Article Abstract

Risks of second primary malignancies among Chinese cancer survivors at a single center during 2002–2016

Authors: Peiyuan Dong, Linan Deng, Xing Xin, Dan Luo, Zhaojun Liu, Hanying Sun, Fankai Meng


Background: The increased survival of patients after a primary cancer diagnosis has led to an increasing number of patients with second primary malignancies (SPMs). Recent studies implied the risk of SPMs among specific survivor groups. However, little is known regarding the risks of developing SPMs across the spectrum of cancer survivors. The present study was undertaken to describe the incidence, common sites, and outcomes associated with SPMs among Chinese cancer survivors at a single center.
Methods: This retrospective study evaluated patients who were ≥18 years old and diagnosed as having a malignancy during 2002–2016 at the Department of Hematology, Tongji Hospital, Tongji Medical College. Factors associated with subsequent SPMs were explored using bivariable and multivariable models.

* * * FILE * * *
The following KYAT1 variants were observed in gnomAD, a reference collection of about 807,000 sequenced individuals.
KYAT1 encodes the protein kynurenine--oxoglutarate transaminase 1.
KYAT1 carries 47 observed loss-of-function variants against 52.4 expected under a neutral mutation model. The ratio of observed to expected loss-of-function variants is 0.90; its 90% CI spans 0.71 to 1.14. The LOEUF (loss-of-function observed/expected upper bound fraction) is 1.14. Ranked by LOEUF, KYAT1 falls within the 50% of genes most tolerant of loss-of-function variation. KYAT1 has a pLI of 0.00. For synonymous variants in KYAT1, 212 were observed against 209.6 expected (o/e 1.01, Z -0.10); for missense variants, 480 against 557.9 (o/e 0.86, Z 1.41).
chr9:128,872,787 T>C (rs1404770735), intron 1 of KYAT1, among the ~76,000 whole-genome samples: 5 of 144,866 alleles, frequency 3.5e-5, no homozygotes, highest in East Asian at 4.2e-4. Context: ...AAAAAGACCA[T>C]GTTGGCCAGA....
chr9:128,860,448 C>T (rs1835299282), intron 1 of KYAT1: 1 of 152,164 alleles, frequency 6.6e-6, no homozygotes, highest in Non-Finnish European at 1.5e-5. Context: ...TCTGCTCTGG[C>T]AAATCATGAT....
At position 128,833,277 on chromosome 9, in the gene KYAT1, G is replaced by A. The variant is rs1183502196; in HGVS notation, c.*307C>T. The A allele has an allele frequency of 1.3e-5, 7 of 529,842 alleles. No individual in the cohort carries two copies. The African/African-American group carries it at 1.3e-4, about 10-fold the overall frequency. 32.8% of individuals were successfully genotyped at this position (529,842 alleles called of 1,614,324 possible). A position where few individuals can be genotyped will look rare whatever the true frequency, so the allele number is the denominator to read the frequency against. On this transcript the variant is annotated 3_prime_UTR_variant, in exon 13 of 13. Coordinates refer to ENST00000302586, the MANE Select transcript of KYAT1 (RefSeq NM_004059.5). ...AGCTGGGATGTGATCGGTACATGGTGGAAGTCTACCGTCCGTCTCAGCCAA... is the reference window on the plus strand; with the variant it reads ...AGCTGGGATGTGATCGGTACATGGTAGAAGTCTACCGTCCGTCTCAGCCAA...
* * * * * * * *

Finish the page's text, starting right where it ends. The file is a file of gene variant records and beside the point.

Results: The study identified 18,257 eligible patients diagnosed with hematological malignancies, including 67 patients (0.37%) who developed SPMs, which mainly consisted of leukemia. Survivors of lymphoma had the highest risk of developing SPMs. Hematological SPMs were more common among patients who received alkylating agents, topoisomerase 2 inhibitors, or allogeneic hematopoietic stem cell transplantation (HSCT) for the first primary malignancy. Non-hematological SPMs were more common among patients who received anti-metabolites, anti-tubulin agents, or radiotherapy for the first primary malignancy. The risks of developing SPMs did not exhibit any significant differences according to age, sex, and latency interval. Hematological malignancy was a non-significant risk factor for SPM development (P>0.05).
Conclusions: Approximately 0.37% of our patients diagnosed with hematological malignancies had SPMs, mainly leukemia. Patients with lymphoma were most likely to develop SPMs. These findings may help identify patients who are at-risk of developing SPMs (e.g., based on the previous treatment and the first primary malignancy), which may help guide the treatment of cancer survivors.